‘Symbol of polarisation’: EU scraps plans to halve use of pesticides | Pesticides

The European Commission is shelving plans to cut pesticide use in agriculture as farmers around Europe continue protests demanding higher prices for their products and an easing of EU environment rules.

The original proposal to halve chemical pesticide use in the EU by the end of the decade – part of the EU’s green transition – “has become a symbol of polarisation,” the commission president, Ursula von der Leyen, said on Tuesday, as she said she would ask it “to withdraw this proposal”.

The move marks the bloc’s latest environmental concession to farmers, whose recent protests across Europe in countries including France, Germany, Belgium, the Netherlands, Poland and Greece spread this week to Spain and Italy.

Last week, in response to the protests, the bloc announced plans to limit market disruption from Ukrainian products entering the EU and delayed rules on setting aside more land to promote soil health and encourage biodiversity.

Spanish farmers used WhatsApp groups on Tuesday to stage a series of informal protests, blocking off major roads around the country. Among the signs flown by the tractors was one that read: “Our end will mean your hunger!”.

Their demonstrations cut off roads in the regions of Madrid, Catalonia, Andalucía, Valencia, La Rioja, Castilla-La Mancha and Castilla y León. They also blockaded the port of Málaga and obstructed access to a massive wholesale market in Valladolid.

In Italy, farmers protesting about red tape and cheap non-EU imports have begun converging on the capital, Rome, from several agricultural regions on tractors sporting the Italian flag and banners with slogans such as “No farmer, no food.”

Farmers say they face a storm of challenges, including falling product prices, rising energy, fertiliser and transport costs, cheap foreign imports, all-powerful retailers and excessive European and national regulations.

Individual member states have also taken steps to appease angry farmers, with Germany watering down plans to cut diesel subsidies. Meanwhile, Paris is scrapping a planned diesel tax increase and promising more than €400m (£342m) in targeted help.

The task of drafting proposals on pesticide legislation is now likely to fall to the next commission. Von der Leyen said on Tuesday they had made little progress over the past two years in the European parliament or the European Council, representing EU member states.

Far-right and anti-establishment parties, which are projected to make major gains in June’s European parliament elections, have picked up on their grievances as part of a wider drive against EU influence, pushing them to the top of the bloc’s agenda.

“Many feel pushed into a corner,” von der Leyen acknowledged, adding that farmers “deserve to be listened to.” But Europe’s agriculture “needs to move to a more sustainable model of production” thatis more eco-friendly, she said.

A new commission will be formed after the June vote.

The commission was also set to announce more measures later on Tuesday on how to reach its ambitious targets to counter climate change.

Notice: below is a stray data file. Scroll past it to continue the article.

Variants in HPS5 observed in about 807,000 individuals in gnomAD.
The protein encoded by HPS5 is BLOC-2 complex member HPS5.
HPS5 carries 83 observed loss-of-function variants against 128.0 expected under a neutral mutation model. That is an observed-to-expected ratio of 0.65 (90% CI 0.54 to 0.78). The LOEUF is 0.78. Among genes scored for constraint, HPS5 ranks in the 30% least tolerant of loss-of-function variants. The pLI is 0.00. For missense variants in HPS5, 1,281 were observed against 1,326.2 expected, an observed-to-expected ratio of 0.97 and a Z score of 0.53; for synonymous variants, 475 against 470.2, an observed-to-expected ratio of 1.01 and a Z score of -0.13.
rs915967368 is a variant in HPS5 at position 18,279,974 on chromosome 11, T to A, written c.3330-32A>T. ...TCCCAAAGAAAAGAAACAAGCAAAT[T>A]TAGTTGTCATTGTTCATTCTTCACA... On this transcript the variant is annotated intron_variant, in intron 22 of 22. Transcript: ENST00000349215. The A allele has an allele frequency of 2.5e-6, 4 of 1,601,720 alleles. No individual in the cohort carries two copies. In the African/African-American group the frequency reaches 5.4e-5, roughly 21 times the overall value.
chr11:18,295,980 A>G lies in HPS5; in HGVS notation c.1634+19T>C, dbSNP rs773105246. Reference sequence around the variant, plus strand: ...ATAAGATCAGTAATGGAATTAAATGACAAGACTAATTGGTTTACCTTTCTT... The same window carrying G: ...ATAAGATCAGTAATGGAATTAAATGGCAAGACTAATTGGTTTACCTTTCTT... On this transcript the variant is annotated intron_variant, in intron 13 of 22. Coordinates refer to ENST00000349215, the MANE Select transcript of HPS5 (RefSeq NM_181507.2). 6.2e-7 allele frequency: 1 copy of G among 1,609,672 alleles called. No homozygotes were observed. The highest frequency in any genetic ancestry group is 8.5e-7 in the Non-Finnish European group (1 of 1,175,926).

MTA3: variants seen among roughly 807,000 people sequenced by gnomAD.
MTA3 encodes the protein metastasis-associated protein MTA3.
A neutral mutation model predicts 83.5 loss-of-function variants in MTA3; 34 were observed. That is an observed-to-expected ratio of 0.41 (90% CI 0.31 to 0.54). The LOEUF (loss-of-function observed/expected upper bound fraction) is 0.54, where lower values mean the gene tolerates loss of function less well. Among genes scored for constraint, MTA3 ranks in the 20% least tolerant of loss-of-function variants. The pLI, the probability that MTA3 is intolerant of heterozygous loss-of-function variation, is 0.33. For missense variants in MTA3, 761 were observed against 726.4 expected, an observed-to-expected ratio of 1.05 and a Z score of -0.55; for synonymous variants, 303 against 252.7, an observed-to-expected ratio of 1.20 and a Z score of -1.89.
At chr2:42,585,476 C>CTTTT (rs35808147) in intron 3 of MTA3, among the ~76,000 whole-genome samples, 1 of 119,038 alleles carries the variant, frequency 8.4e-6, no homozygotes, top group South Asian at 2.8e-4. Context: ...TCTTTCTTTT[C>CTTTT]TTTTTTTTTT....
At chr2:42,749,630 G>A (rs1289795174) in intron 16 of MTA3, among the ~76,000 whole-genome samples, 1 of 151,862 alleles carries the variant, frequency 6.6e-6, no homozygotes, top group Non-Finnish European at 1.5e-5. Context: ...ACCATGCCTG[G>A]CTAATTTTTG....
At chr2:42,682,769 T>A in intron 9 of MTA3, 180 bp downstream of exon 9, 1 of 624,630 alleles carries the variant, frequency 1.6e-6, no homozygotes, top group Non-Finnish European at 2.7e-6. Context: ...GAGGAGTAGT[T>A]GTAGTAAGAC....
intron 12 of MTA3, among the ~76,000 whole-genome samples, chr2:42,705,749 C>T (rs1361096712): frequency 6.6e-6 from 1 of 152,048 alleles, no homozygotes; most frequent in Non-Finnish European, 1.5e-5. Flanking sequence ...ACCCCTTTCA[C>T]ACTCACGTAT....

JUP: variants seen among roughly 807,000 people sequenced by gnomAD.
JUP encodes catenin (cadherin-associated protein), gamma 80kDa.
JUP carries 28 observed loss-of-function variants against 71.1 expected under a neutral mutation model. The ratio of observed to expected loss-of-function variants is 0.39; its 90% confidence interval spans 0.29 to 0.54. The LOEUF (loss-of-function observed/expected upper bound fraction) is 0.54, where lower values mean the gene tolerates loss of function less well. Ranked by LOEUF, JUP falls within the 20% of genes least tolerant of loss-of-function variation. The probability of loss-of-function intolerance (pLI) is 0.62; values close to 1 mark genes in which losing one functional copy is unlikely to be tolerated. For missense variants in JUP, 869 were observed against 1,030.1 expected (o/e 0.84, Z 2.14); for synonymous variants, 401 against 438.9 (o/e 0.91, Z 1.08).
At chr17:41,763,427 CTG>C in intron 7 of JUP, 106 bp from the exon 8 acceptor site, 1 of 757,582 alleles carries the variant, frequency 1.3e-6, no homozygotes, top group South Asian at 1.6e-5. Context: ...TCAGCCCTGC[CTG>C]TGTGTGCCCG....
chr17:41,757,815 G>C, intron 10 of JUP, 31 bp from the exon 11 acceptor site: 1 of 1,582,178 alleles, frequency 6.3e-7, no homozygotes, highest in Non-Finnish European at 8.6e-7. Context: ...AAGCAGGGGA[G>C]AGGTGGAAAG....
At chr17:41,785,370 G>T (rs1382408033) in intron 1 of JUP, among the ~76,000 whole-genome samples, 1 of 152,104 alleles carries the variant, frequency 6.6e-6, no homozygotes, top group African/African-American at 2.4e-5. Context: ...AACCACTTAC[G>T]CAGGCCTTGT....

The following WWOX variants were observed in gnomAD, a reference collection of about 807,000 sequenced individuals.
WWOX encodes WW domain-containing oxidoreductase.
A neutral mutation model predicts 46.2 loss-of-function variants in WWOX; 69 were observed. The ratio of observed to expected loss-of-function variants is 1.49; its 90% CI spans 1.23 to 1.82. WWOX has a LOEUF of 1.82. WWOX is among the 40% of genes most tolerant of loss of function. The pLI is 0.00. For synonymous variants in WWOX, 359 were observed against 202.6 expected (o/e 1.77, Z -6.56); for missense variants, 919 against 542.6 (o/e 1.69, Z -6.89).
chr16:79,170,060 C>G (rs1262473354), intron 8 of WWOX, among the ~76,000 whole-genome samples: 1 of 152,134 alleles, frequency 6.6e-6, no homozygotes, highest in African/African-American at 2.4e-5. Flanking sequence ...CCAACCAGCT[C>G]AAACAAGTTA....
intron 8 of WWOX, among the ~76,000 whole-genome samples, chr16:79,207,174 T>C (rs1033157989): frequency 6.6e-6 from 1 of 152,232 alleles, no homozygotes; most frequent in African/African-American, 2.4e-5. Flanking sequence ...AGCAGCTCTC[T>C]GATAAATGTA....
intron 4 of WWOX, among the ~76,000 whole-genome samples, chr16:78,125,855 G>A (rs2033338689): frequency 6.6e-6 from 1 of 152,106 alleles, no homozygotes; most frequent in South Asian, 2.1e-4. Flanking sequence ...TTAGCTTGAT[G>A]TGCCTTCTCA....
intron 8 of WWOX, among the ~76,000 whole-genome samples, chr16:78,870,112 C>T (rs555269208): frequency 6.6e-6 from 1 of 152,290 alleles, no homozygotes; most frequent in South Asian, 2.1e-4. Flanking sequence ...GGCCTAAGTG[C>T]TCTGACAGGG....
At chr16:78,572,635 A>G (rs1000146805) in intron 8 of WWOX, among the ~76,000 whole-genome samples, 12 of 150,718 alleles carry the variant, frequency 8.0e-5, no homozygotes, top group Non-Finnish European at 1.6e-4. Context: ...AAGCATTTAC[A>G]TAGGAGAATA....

Protesting farmers light fires and clash with police at European parliament – video

Unions in Spain said more widespread protests would begin on Thursday and last until 22 February. “We’re trying to explain our grievances in a concrete, concise and unanimous way,” said Donanciano Dujo, vice-president of the Asaja farming association.

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“Once we’ve gone beyond the provincial and regional level, we’ll take the protests national and then we’ll go to Brussels.” Among the farmers’ demands is a revision of the European green deal, which they say “forces us to abandon productive lands, to drastically reduce pesticides and fertilisers, and is an attack on meat consumption”.

Farmers use their tractors to block a highway near the border with the Netherlands in Arendonk.
Photograph: Christian Levaux/Reuters

Italian farmers also want the reinstatement of an income tax exemption scrapped in the government’s 2024 budget. “Our vehicles will converge around the capital,” said Danilo Calvani, one of their leaders. “Next week, there will be a big demonstration in Rome.”

In the financial hub of Milan, farmers paraded a cow during a demonstration outside the offices of the Lombardy regional government. The prime minister, Giorgia Meloni, has said Italy had outperformed some of its EU counterparts in supporting farmers.

In the Netherlands, hundreds of Dutch farmers blocked motorways, dumped rubbish on main roads and started fires in protests around the country that began late on Monday and in some places continued on Tuesday, police and Dutch media reported.

Several people were injured in traffic accidents related to the protests, according to De Telegraaf, including two who needed hospital treatment after collisions that local authorities blamed on thick smoke from burning hay bales and wooden pallets.

“Fires have been lit, fireworks set off and agricultural vehicles are driving on the highway,” police in the central Gelderland region said, adding that “action has been taken”. Several access ramps to the main A1 motorway remained blocked on Tuesday.

Tractors also blocked the A7 motorway at several points and rubble was dumped on slip roads, public broadcaster NOS said. Press photographers at one protest near Groningen told local media they were subjected to threats and intimidation.

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